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Only in Indiana: The Stuff of Legend

The Tuskegee Airmen fought for their country abroad during WWII, and against racism at home at the same time. Douglas Bembry from Indianapolis, who died last week at the age of 92, was a member of this revered group.
Douglas Bembry, 91 (WTHR photo)

The Tuskegee Airmen were the first African American military aviators in the US Armed Forces. They fought for their country during World War II and against racism at the same time.

Douglas Bembry from Indianapolis was a member of this revered group. Bembry died last week at the age of 92, but we wanted to share his story again. This "Only in Indiana" report first aired in July 2015.

Original story:

Seventy-two years have passed since Douglas Bembry was Corporal Bembry in the 100th squadron of the Tuskegee Airmen stationed in Italy during WWII.

"I don't like to think about it," he said while sitting in his Indianapolis town home. "A lot of people like to talk about it. This was no picnic. This was war."

He was part of the ground crew, trained in welding and sheet metal.

"If it hadn't been for the ground crew, the plane would have never got off the ground," he stated proudly. But even now at the age of 91, he remembers the sky being so full of bombers and fighter planes that they would literally blot out the sun.

He fondly remembers when then-First Lady Eleanor Roosevelt visited the Tuskegee Institute and wanted to go up in a Redtail trainer. All the trainer pilots at the time were white.

"So she pointed at this guy and said she wanted to take a trip. He pointed to a white guy and she said, 'No, I want him,' and Eleanor climbed up into this two seater, the A18, and took a trip in the trainer. She sure did. Ya buddy," he remembered.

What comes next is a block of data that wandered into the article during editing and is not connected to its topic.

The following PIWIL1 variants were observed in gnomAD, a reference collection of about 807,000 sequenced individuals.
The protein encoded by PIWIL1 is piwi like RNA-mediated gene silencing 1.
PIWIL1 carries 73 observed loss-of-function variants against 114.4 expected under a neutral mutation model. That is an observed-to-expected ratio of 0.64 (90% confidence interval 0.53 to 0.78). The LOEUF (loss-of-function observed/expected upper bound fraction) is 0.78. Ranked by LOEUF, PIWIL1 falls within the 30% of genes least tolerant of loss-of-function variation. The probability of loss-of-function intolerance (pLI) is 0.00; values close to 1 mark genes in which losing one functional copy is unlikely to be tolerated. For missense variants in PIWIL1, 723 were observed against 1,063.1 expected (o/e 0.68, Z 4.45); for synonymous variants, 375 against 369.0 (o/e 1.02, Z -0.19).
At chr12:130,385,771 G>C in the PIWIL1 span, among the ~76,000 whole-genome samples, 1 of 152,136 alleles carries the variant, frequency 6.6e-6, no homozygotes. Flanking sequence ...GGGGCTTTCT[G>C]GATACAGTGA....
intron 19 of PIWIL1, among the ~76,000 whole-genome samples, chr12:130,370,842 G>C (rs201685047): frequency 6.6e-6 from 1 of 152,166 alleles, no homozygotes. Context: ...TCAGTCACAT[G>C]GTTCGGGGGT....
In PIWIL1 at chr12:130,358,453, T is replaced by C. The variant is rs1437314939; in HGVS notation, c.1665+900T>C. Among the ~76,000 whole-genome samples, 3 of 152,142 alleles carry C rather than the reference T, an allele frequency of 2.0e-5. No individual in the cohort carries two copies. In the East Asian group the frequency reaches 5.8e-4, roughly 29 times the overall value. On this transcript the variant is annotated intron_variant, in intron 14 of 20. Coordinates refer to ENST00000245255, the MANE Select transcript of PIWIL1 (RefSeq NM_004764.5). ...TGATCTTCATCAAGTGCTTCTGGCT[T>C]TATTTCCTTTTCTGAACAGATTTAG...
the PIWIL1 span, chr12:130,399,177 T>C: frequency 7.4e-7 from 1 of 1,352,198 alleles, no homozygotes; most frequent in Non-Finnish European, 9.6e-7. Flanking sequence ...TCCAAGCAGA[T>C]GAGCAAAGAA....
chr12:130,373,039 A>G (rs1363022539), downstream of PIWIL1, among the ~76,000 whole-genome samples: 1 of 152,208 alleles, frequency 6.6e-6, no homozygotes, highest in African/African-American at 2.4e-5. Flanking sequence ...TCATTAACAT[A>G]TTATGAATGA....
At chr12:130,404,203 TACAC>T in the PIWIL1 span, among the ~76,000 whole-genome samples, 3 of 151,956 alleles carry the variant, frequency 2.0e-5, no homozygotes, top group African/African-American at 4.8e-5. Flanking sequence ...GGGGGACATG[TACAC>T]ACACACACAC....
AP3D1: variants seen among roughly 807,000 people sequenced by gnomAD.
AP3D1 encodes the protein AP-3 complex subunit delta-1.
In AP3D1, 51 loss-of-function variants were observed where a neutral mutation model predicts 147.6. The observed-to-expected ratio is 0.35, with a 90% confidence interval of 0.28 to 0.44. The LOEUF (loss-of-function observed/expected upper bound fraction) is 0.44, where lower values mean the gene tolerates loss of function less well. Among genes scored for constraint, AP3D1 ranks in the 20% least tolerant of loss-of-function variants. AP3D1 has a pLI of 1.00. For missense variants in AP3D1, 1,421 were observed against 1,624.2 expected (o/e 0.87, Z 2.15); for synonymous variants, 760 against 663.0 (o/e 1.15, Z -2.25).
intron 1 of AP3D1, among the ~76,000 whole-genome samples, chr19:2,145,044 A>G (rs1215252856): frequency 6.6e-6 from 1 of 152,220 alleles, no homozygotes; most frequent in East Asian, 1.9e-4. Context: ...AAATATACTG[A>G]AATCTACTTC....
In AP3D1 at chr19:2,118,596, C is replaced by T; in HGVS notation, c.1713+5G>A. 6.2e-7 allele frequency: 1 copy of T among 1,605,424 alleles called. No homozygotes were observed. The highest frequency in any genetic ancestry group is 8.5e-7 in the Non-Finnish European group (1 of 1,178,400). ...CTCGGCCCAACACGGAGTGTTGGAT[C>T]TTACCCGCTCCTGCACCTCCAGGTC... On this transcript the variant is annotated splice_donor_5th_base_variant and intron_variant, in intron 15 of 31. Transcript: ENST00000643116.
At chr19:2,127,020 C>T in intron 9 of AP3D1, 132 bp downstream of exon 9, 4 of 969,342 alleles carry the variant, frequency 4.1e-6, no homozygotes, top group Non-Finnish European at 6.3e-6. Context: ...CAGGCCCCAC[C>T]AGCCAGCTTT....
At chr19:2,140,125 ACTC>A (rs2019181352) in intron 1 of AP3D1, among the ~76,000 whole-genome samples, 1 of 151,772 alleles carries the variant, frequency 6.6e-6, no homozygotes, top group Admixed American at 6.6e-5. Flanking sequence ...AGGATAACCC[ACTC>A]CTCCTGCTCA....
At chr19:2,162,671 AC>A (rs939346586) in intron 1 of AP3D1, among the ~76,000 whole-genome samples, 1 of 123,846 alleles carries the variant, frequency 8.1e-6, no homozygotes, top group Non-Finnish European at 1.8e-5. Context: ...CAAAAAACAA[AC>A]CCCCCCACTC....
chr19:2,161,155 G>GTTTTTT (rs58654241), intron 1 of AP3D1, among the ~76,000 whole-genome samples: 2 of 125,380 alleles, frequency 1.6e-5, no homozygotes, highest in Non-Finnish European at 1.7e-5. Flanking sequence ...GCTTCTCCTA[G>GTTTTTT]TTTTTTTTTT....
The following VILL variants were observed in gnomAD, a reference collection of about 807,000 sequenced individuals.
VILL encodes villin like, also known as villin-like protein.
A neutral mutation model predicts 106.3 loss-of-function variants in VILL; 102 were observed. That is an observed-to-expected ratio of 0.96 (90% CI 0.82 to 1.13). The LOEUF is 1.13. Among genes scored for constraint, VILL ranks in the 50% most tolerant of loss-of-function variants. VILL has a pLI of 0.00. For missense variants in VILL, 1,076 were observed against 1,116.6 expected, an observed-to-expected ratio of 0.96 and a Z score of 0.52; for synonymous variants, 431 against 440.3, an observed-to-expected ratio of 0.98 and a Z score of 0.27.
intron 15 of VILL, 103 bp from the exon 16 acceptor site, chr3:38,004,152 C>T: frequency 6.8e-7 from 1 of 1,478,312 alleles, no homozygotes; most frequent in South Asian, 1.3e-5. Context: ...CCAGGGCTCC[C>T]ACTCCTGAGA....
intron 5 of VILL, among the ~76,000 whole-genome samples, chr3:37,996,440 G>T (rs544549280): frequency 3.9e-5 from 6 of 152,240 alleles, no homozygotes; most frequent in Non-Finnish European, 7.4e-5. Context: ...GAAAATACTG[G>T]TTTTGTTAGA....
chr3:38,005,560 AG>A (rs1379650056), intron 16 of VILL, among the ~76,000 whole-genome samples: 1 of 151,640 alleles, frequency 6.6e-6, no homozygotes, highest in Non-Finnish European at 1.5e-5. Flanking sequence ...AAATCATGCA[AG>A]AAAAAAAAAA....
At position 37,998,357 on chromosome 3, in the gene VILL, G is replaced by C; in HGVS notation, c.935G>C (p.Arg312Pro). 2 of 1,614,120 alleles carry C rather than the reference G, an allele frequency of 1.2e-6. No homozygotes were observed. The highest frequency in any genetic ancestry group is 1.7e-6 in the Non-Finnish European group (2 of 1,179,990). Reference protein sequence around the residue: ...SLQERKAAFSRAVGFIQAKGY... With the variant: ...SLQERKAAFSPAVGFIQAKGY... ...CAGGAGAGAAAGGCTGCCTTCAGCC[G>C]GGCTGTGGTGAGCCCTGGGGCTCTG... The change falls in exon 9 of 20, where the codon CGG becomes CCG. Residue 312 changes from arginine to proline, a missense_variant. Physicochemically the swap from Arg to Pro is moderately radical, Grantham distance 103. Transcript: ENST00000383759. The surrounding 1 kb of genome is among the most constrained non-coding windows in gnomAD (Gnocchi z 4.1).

Bembry has all the medals and as a member of the Tuskegee Airmen was recognized by President George W. Bush.

"It only took 60 years to get there. We felt like we should have got that before. I'm proud of it. I wouldn't take anything for it," he said. "We made a trip from southern Italy all the way to Berlin and Hitler had jets, and with our props, we shot down three jets and we didn't lose a fighter plane or a bomber."

It's still a point of pride, but there is also a point of prejudice.

"When we were over in Italy and everybody was shooting at each other, the Germans and the Italians, everybody was like brothers. But as soon as we were coming back and we looked up and saw that Statue of Liberty, I was black again," he said in a tone that hovered somewhere between disbelief and acceptance.

Upon their return, some of his friends re-upped and they even asked him, "'Corporal Douglas Bembry, would you like to re-up?' I said, 'Sir, give me bus fare to Atlanta, Georgia. I'm gone'."

He would eventually land in Indianapolis. Now, 50 years later, his grown children would share this moment with him as he looks over his pride and joy in a private hanger at Metropolitan Airport - his very own P51 Mustang fighter plane.

In an interesting aside, in spite of being a Tuskegee Airman, Bembry said flying is not his bag. In fact, he says he only flew commercially once and never planned to do it again.

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